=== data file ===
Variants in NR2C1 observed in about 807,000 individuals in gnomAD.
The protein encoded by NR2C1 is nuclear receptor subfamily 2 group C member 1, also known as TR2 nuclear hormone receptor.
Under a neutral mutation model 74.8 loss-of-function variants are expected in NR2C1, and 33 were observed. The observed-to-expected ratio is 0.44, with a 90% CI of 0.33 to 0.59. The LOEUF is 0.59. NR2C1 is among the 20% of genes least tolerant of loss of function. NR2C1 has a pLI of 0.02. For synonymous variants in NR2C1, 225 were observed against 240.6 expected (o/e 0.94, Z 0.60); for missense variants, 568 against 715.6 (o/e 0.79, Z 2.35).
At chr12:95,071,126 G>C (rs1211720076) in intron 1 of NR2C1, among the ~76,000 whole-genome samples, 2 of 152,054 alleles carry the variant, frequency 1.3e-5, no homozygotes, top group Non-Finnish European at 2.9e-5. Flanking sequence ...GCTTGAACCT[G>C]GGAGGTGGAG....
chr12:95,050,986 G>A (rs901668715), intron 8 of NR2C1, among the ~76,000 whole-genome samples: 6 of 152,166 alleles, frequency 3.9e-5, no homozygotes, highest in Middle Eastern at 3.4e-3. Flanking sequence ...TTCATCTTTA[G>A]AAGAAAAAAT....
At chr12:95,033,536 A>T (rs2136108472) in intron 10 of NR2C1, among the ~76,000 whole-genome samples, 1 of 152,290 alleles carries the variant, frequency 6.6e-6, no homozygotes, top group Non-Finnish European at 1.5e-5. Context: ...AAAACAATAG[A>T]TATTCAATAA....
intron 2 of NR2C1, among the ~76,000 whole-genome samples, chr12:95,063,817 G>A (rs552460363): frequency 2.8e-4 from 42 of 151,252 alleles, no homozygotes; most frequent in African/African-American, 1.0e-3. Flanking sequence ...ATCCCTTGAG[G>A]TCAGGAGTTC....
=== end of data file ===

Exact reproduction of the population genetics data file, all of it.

Variants in NR2C1 observed in about 807,000 individuals in gnomAD.
The protein encoded by NR2C1 is nuclear receptor subfamily 2 group C member 1, also known as TR2 nuclear hormone receptor.
Under a neutral mutation model 74.8 loss-of-function variants are expected in NR2C1, and 33 were observed. The observed-to-expected ratio is 0.44, with a 90% CI of 0.33 to 0.59. The LOEUF is 0.59. NR2C1 is among the 20% of genes least tolerant of loss of function. NR2C1 has a pLI of 0.02. For synonymous variants in NR2C1, 225 were observed against 240.6 expected (o/e 0.94, Z 0.60); for missense variants, 568 against 715.6 (o/e 0.79, Z 2.35).
At chr12:95,071,126 G>C (rs1211720076) in intron 1 of NR2C1, among the ~76,000 whole-genome samples, 2 of 152,054 alleles carry the variant, frequency 1.3e-5, no homozygotes, top group Non-Finnish European at 2.9e-5. Flanking sequence ...GCTTGAACCT[G>C]GGAGGTGGAG....
chr12:95,050,986 G>A (rs901668715), intron 8 of NR2C1, among the ~76,000 whole-genome samples: 6 of 152,166 alleles, frequency 3.9e-5, no homozygotes, highest in Middle Eastern at 3.4e-3. Flanking sequence ...TTCATCTTTA[G>A]AAGAAAAAAT....
At chr12:95,033,536 A>T (rs2136108472) in intron 10 of NR2C1, among the ~76,000 whole-genome samples, 1 of 152,290 alleles carries the variant, frequency 6.6e-6, no homozygotes, top group Non-Finnish European at 1.5e-5. Context: ...AAAACAATAG[A>T]TATTCAATAA....
intron 2 of NR2C1, among the ~76,000 whole-genome samples, chr12:95,063,817 G>A (rs552460363): frequency 2.8e-4 from 42 of 151,252 alleles, no homozygotes; most frequent in African/African-American, 1.0e-3. Flanking sequence ...ATCCCTTGAG[G>A]TCAGGAGTTC....